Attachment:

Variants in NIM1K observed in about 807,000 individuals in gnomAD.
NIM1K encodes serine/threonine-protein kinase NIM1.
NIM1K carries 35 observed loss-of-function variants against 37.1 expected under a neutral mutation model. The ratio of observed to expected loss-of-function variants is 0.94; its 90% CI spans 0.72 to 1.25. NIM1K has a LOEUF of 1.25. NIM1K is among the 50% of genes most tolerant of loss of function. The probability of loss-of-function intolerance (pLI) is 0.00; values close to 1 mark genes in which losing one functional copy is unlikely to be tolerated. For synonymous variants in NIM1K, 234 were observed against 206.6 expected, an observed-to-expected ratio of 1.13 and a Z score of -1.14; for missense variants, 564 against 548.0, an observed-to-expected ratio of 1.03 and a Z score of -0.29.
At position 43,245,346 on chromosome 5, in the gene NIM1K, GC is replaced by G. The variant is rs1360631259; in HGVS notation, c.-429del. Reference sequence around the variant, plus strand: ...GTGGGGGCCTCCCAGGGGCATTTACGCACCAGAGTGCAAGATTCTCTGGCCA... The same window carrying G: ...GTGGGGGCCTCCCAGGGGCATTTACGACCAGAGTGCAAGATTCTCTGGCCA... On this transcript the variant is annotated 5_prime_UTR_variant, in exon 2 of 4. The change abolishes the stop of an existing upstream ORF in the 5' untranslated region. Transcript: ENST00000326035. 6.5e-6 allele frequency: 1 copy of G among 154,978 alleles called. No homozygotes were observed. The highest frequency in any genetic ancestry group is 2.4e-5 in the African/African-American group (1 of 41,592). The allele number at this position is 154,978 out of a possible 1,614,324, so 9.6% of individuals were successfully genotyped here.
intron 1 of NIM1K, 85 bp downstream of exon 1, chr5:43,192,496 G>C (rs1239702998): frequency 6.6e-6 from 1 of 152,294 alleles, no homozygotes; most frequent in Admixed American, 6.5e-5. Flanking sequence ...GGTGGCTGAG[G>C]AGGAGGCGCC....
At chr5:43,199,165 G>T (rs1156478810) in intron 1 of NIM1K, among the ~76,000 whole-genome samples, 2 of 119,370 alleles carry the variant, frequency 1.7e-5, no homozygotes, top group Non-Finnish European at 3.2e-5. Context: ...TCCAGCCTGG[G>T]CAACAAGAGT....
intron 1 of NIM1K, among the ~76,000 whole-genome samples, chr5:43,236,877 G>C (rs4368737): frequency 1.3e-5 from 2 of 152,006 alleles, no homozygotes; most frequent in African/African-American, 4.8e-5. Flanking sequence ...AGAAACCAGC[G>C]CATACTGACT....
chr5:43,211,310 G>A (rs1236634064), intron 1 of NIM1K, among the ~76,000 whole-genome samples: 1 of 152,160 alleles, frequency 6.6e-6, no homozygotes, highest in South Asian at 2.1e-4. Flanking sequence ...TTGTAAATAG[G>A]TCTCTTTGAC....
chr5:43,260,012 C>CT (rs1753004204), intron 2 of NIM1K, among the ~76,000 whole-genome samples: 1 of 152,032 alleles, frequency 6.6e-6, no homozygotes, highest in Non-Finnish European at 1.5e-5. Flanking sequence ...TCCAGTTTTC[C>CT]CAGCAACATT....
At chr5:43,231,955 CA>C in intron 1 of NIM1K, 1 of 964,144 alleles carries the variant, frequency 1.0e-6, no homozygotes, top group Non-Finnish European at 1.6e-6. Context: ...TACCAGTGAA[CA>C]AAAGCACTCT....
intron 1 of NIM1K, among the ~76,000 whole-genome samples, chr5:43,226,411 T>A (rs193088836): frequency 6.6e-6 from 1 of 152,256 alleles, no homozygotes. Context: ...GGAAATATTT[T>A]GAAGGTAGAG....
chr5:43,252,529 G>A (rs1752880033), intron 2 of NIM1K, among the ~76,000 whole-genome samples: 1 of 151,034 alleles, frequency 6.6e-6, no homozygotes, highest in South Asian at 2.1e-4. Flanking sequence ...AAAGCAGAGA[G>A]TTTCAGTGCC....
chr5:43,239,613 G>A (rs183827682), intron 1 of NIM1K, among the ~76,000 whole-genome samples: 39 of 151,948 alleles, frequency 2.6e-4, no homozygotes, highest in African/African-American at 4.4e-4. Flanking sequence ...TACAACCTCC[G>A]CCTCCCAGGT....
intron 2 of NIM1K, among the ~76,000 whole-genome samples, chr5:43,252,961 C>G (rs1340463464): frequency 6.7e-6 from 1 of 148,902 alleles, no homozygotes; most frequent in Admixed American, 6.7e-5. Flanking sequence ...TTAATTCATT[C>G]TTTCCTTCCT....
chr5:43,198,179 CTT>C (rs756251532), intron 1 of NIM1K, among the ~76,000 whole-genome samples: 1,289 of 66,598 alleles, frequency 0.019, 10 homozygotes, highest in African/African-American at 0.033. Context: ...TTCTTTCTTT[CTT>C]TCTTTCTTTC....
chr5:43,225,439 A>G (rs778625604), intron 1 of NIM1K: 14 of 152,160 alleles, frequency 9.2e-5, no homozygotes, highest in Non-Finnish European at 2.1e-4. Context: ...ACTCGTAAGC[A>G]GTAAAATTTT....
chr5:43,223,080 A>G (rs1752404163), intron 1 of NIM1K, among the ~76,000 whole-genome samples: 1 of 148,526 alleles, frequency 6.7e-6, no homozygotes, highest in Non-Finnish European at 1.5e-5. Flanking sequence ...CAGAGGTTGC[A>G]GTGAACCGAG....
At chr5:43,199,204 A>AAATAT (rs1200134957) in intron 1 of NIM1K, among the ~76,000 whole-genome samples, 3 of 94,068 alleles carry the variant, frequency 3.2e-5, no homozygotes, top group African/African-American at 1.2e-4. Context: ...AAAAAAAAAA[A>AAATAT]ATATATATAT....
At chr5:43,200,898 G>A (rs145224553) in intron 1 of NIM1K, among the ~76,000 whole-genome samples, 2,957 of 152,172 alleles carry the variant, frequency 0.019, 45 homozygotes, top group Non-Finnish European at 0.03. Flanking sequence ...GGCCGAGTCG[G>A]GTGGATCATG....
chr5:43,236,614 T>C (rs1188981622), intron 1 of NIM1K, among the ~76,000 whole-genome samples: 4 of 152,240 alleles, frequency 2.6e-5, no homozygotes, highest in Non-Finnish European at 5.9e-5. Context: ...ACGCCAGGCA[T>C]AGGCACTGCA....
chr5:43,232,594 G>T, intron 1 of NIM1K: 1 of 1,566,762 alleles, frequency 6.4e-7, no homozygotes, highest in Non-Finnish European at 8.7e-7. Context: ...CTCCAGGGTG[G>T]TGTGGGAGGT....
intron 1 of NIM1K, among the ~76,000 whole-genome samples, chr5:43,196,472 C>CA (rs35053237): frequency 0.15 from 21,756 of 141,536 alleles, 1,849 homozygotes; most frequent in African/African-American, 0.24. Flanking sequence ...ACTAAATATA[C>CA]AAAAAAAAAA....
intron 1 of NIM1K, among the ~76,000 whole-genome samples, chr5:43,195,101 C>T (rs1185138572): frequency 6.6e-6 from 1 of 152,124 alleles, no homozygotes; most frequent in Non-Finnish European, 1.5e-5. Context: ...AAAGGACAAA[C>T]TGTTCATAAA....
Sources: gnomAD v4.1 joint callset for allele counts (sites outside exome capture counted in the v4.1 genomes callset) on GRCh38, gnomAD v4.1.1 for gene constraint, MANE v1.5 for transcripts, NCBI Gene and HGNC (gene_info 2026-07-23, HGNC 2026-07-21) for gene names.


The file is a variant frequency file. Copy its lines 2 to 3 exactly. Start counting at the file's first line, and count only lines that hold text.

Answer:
NIM1K encodes serine/threonine-protein kinase NIM1.
NIM1K carries 35 observed loss-of-function variants against 37.1 expected under a neutral mutation model. The ratio of observed to expected loss-of-function variants is 0.94; its 90% CI spans 0.72 to 1.25. NIM1K has a LOEUF of 1.25. NIM1K is among the 50% of genes most tolerant of loss of function. The probability of loss-of-function intolerance (pLI) is 0.00; values close to 1 mark genes in which losing one functional copy is unlikely to be tolerated. For synonymous variants in NIM1K, 234 were observed against 206.6 expected, an observed-to-expected ratio of 1.13 and a Z score of -1.14; for missense variants, 564 against 548.0, an observed-to-expected ratio of 1.03 and a Z score of -0.29.